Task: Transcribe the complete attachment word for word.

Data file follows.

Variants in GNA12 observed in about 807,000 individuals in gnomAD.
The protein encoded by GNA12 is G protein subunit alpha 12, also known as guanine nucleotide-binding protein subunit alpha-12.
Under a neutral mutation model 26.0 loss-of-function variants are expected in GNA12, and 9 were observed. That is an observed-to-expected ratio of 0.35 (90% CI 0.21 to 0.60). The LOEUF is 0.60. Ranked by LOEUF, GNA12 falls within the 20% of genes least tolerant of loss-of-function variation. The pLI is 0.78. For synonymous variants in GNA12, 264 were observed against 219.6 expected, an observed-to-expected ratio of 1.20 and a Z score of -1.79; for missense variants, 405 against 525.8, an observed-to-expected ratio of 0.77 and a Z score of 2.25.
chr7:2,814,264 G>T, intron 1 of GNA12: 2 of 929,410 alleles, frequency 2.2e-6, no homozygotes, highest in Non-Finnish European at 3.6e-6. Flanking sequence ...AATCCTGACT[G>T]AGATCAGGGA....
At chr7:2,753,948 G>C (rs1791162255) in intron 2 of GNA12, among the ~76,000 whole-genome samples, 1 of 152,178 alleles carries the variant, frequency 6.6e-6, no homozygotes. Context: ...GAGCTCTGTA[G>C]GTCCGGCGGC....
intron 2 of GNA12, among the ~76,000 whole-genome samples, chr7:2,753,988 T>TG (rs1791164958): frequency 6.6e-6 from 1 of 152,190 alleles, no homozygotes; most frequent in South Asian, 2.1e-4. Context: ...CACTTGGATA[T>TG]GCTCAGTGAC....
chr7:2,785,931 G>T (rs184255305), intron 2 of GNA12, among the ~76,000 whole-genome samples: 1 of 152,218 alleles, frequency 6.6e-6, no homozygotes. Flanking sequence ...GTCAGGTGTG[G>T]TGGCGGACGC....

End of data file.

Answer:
Variants in GNA12 observed in about 807,000 individuals in gnomAD.
The protein encoded by GNA12 is G protein subunit alpha 12, also known as guanine nucleotide-binding protein subunit alpha-12.
Under a neutral mutation model 26.0 loss-of-function variants are expected in GNA12, and 9 were observed. That is an observed-to-expected ratio of 0.35 (90% CI 0.21 to 0.60). The LOEUF is 0.60. Ranked by LOEUF, GNA12 falls within the 20% of genes least tolerant of loss-of-function variation. The pLI is 0.78. For synonymous variants in GNA12, 264 were observed against 219.6 expected, an observed-to-expected ratio of 1.20 and a Z score of -1.79; for missense variants, 405 against 525.8, an observed-to-expected ratio of 0.77 and a Z score of 2.25.
chr7:2,814,264 G>T, intron 1 of GNA12: 2 of 929,410 alleles, frequency 2.2e-6, no homozygotes, highest in Non-Finnish European at 3.6e-6. Flanking sequence ...AATCCTGACT[G>T]AGATCAGGGA....
At chr7:2,753,948 G>C (rs1791162255) in intron 2 of GNA12, among the ~76,000 whole-genome samples, 1 of 152,178 alleles carries the variant, frequency 6.6e-6, no homozygotes. Context: ...GAGCTCTGTA[G>C]GTCCGGCGGC....
intron 2 of GNA12, among the ~76,000 whole-genome samples, chr7:2,753,988 T>TG (rs1791164958): frequency 6.6e-6 from 1 of 152,190 alleles, no homozygotes; most frequent in South Asian, 2.1e-4. Context: ...CACTTGGATA[T>TG]GCTCAGTGAC....
chr7:2,785,931 G>T (rs184255305), intron 2 of GNA12, among the ~76,000 whole-genome samples: 1 of 152,218 alleles, frequency 6.6e-6, no homozygotes. Flanking sequence ...GTCAGGTGTG[G>T]TGGCGGACGC....